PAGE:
Gee, who could have predicted that progressives would support the restriction of free speech on college campuses?

Joseph Cohn and William Creeley of The FIRE report.

ThinkProgress’ Defense of ‘Blueprint’ Misses the Mark

Earlier this week, ThinkProgress intern Kumar Ramanathan posted a blog entry on the organization’s website arguing that FIRE and others have misconstrued the Departments of Justice’s (DOJ) and Education’s (ED) May 9 blueprint for college and university sexual misconduct policies. In his piece, Ramanathan writes:

The charge against the resolution has been led by the Foundation for Individual Rights in Education (FIRE), which alleges that the [Department of Education’s Office for Civil Rights; “OCR”] OCR and DOJ have created unconstitutional speech restrictions by imposing “a breathtakingly broad definition of sexual harassment that makes virtually every student in the United States a harasser,” citing examples of what sort of conduct should be reported rather than punished. Contrary to the assertions of FIRE and subsequent commentators, the OCR agreement only calls for punishment of harassment that meets the legal definition of “severe or pervasive” and demonstrably creates “a hostile environment.” It encourages reporting of other kinds of conduct so that students will be more likely to over- rather than under-report and allow the University to determine what meets the legal definition of punishable harassment.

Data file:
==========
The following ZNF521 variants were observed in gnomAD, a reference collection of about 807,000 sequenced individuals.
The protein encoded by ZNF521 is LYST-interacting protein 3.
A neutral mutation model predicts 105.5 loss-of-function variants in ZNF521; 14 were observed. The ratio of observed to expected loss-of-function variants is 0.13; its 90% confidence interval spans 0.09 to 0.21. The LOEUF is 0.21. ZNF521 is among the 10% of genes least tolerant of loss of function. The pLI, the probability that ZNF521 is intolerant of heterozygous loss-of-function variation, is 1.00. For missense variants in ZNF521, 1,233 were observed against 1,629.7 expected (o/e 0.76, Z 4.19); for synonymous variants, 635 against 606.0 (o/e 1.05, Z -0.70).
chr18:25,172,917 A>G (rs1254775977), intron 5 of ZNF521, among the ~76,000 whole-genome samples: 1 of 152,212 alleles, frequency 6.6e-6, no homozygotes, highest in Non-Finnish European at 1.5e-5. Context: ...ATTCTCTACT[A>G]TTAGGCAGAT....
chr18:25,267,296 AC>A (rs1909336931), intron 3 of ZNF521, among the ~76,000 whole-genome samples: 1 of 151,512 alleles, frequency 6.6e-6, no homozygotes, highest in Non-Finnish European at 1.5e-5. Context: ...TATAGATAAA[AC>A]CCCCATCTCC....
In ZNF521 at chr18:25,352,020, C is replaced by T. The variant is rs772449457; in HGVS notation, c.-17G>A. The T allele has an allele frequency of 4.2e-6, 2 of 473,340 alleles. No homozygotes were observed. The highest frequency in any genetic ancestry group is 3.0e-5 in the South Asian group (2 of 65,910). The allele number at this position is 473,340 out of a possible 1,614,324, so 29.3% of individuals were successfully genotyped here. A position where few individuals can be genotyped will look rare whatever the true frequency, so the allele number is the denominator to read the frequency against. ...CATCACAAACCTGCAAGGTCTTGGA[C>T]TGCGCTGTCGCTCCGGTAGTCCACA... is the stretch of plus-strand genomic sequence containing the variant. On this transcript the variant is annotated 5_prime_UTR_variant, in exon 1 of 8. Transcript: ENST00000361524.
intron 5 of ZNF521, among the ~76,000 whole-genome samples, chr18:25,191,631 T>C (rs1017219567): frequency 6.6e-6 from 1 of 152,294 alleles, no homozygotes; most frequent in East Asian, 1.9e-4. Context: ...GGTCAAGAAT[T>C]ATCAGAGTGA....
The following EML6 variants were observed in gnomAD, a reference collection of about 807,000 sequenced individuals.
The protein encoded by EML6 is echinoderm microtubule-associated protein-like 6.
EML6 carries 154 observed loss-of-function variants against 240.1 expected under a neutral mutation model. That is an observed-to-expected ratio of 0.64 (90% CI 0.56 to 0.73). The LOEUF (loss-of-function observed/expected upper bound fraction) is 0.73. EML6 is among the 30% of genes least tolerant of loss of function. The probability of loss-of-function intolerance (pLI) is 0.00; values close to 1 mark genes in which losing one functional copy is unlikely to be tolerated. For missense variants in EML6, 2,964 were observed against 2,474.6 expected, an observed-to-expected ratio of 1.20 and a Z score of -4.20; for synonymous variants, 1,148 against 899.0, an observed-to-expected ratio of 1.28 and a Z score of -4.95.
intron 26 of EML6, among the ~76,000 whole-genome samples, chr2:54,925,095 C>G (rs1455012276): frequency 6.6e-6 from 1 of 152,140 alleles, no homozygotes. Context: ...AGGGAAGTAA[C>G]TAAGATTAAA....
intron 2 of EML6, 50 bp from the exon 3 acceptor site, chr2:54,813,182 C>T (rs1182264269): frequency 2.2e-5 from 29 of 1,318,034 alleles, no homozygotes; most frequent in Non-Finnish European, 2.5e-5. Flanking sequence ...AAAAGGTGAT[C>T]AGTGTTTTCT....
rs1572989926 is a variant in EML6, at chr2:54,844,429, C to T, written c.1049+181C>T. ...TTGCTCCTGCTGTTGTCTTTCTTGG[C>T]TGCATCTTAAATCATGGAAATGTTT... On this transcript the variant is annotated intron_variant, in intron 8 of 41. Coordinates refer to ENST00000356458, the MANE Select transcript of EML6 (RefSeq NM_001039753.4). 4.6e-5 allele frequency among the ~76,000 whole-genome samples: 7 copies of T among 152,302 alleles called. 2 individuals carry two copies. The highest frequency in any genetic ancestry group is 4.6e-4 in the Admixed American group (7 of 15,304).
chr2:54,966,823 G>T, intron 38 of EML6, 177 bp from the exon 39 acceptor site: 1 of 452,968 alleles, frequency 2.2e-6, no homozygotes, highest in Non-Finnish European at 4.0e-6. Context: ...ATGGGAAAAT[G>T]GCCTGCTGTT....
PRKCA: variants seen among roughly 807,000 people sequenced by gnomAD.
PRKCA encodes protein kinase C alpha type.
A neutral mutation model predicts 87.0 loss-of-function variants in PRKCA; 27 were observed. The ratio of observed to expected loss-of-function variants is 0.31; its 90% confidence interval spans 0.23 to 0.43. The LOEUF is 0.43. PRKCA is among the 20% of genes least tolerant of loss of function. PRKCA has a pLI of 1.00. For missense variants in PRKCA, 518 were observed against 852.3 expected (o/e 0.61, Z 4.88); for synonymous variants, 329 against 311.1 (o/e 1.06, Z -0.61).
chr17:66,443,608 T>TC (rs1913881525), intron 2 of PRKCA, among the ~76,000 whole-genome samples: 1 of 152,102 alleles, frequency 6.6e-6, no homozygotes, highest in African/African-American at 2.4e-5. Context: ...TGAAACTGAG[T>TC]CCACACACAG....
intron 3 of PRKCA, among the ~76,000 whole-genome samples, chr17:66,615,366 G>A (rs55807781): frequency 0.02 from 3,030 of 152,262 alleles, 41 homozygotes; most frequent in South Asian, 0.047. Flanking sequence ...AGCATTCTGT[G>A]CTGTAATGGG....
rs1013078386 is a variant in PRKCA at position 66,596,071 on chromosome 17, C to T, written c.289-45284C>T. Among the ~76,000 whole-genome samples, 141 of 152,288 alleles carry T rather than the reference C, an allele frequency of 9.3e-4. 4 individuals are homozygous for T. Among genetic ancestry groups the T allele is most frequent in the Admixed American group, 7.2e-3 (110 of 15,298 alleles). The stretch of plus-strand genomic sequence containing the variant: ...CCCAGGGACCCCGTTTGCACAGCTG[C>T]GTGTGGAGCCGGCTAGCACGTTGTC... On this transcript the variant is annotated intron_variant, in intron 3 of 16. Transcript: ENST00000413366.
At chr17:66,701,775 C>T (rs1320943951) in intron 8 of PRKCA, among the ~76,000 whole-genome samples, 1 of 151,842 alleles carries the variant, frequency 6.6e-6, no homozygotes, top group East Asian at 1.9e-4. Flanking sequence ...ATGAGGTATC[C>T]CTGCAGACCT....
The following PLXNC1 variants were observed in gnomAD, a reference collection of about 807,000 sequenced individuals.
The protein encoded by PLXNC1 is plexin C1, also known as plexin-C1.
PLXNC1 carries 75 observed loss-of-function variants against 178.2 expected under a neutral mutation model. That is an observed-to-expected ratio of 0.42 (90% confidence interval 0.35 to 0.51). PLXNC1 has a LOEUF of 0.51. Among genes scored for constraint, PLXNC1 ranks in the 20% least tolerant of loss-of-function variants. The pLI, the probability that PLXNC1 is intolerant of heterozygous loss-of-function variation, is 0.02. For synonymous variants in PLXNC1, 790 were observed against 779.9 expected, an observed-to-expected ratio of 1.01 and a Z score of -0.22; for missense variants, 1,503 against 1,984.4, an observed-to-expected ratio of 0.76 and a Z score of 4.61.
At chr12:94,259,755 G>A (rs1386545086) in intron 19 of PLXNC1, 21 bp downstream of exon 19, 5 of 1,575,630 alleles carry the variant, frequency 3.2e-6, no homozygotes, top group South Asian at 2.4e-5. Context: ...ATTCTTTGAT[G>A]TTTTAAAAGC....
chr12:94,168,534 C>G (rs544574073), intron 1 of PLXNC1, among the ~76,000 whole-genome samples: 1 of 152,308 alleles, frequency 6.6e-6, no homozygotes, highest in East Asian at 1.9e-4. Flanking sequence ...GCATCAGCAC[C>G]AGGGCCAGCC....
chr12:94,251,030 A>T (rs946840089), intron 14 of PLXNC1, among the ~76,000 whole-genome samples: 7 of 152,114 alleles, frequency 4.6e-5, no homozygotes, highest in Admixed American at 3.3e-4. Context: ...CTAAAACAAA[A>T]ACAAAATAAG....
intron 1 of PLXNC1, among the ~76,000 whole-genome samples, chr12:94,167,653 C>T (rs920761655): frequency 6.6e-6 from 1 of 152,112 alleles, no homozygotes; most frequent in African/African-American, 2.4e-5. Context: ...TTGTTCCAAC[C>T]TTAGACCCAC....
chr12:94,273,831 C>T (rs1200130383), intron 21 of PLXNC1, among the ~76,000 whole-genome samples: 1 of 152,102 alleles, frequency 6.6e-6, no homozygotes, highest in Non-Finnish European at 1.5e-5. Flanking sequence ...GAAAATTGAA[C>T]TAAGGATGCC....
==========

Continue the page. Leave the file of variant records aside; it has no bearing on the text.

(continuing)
Ramanathan’s criticism is misleading and incorrect. Worse still, it suggests that the author is troublingly comfortable with both the prohibition of protected speech and with government-mandated reporting of protected speech for official investigation. And, frustratingly, it ignores the threat presented to expression from every point across the ideological spectrum—including a vast range of advocacy that ThinkProgress would presumably support.

Of course, students can and should be able to report conduct that makes them uncomfortable—but if the offending conduct is solely speech protected by the First Amendment, it cannot be labeled as “sexual harassment” by order of the federal government. Labeling protected speech “sexual harassment” and stating that protected speech is “prohibited under Title IX” undoubtedly chills speech.